Listen to Part One:
Listen to Part Two:
Listen to Part Three:
Getting heavy over a levy. Defying consensus in the international
community, Canada steps up its campaign against a global bank tax.
Erin, on the side of caution. Ireland demands Google delete a bunch of
ill-gotten information -- and Google sheepishly complies.
Paper cuts. When a newsprint mill is shut down in Gatineau, three-hundred-and-fifty workers may be left feeling ripped off.
What not to swear. In Pennsylvania, the thin blue line is ticketing
people who swear a thick blue streak -- and the ACLU doesn't like it.
To err is human -- so let's forgive de vine. A British scientist finds
that ivy, much-maligned for putting the squeeze on buildings, comes
through in the clutch.
And...separating the men-dacity from the boys. A new study reveals that
when your half-pint utters a half-truth, it's not half-bad --
As It Happens, the Tuesday edition. Radio that takes issue with minor fabrications.
They're spreading out and spreading the word. Today, several cabinet
ministers from the Harper Government are on the road, taking their
message to the international community: that Canada does not support the
growing push for a global bank tax.
They're in the minority: the proposed tax is backed by the U.S., the
European Union and the International Monetary Fund. As proposed, it
would be applied to global financial institutions, to counteract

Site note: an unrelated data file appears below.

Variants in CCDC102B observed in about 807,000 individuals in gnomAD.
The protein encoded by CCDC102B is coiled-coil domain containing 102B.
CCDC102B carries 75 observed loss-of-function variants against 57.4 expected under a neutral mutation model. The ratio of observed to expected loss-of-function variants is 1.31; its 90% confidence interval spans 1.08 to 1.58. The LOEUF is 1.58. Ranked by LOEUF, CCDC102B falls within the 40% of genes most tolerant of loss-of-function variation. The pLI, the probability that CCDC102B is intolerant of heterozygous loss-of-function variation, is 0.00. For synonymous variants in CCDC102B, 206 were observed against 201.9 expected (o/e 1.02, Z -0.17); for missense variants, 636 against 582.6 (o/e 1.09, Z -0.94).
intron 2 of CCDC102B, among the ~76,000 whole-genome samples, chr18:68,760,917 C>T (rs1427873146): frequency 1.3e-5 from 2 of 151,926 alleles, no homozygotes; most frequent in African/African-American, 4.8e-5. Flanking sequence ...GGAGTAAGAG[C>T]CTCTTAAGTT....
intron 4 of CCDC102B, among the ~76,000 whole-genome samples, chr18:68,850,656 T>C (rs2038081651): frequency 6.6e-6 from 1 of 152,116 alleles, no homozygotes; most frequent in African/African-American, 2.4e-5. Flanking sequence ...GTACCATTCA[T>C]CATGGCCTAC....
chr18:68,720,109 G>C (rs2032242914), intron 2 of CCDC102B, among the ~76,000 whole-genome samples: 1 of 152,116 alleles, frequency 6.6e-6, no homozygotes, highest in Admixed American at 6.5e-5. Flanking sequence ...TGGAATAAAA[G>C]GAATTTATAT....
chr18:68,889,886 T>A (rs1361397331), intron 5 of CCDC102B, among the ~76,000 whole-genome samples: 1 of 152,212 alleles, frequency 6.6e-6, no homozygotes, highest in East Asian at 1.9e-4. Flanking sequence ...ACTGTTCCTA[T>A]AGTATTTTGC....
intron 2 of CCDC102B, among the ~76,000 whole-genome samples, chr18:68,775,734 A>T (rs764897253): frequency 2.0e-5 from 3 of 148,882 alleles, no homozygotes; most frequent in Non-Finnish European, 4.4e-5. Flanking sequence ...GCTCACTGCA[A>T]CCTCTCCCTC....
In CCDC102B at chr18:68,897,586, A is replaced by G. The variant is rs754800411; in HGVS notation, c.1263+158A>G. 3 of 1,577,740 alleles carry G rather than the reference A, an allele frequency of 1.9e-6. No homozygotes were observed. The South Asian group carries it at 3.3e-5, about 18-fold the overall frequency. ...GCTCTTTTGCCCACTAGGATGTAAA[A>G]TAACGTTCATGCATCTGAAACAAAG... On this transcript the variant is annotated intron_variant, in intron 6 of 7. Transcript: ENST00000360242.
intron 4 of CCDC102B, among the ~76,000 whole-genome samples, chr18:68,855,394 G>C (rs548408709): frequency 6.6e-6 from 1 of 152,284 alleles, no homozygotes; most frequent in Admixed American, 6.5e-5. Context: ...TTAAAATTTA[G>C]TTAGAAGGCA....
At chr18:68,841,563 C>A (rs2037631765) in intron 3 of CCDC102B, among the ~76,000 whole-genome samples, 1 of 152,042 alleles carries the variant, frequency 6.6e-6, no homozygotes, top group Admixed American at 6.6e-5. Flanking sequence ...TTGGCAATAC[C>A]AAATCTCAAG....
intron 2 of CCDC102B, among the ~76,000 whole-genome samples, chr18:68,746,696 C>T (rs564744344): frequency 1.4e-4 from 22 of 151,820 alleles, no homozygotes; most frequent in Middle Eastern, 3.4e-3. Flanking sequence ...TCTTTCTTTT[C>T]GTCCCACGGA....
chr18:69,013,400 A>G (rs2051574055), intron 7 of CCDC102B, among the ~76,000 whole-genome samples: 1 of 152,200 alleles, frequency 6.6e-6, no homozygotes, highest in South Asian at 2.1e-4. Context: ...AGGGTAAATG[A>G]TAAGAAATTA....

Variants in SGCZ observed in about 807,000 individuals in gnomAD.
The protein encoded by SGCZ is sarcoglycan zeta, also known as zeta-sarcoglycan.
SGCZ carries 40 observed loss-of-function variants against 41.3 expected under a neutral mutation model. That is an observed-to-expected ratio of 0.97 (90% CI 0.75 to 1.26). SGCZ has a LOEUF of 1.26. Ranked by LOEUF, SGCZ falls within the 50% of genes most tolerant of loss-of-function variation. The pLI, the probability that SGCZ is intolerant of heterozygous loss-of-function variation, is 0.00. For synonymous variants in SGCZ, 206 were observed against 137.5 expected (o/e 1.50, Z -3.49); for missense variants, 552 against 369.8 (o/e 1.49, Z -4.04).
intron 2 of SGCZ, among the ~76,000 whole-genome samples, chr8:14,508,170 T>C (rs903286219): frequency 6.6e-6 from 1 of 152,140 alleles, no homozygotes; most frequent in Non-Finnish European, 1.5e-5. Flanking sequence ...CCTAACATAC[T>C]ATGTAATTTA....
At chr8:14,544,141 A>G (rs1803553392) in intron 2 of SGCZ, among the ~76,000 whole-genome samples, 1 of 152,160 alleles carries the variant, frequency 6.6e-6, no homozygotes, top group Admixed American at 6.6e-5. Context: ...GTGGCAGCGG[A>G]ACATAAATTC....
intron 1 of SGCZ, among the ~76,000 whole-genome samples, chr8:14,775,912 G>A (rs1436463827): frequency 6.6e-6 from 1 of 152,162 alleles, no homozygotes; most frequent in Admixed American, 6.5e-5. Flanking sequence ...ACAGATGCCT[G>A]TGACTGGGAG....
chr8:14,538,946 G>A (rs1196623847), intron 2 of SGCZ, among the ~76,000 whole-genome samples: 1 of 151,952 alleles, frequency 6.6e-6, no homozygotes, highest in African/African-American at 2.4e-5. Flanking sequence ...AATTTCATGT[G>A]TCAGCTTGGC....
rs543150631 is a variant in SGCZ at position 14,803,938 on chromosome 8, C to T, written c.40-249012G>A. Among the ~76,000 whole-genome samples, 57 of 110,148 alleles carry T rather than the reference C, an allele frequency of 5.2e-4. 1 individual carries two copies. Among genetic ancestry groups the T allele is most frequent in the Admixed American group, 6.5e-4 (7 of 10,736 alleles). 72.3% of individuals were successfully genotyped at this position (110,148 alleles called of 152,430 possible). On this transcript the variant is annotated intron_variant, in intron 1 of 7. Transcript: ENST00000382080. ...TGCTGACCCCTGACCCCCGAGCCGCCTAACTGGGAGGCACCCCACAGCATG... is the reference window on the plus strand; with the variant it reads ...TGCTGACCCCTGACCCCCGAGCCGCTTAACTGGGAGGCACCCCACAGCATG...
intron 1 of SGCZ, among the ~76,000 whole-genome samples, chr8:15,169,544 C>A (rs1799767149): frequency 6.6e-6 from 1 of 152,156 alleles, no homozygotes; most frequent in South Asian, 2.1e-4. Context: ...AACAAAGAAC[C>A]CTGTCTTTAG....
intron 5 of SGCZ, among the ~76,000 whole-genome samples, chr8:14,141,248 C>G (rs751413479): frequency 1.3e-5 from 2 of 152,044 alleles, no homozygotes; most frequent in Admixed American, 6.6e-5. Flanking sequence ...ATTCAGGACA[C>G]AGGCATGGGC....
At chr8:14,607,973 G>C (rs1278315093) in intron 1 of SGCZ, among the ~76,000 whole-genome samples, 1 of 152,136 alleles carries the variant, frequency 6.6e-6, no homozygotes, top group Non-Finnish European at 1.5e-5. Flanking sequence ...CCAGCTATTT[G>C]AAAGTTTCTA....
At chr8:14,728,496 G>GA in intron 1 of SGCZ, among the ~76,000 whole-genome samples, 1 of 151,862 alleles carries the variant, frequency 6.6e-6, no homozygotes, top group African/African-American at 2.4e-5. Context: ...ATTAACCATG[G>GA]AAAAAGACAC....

economic volatility, and create a global fund to deal with future
economic crises. But the Harper Government argues that the tax would
unfairly punish Canadian banks, which weathered this past financial
storm admirably. So they're proposing a different measure -- one that
would hold bank shareholders responsible for financial bail-outs, rather
It's a good idea, according to Paul Martin, Canada's former Prime
Minister and Finance Minister. But he argues that it's still not the
right solution. We reached Paul Martin in Montreal.
|PURE DIAMOND GOLD/7 O'CLOCK CHICKEN/SADIES|
|BLOODSHOT, BS 055|
|MIKE BELITSKY|| - ||COMPOSER|
|SEAN DEAN|| - ||COMPOSER|
|DALLAS GOOD|| - ||COMPOSER|
|TRAVIS GOOD|| - ||COMPOSER|
|BERNIE PLESKACH|| - ||COMPOSER|
|SADIES || - ||POP GROUP|
Generally speaking, no news is good news. But that's not the case in Gatineau, Quebec.
Sagging newspaper circulation and advertising have meant trouble for
the newsprint business. And as a result, yesterday, AbitibiBowater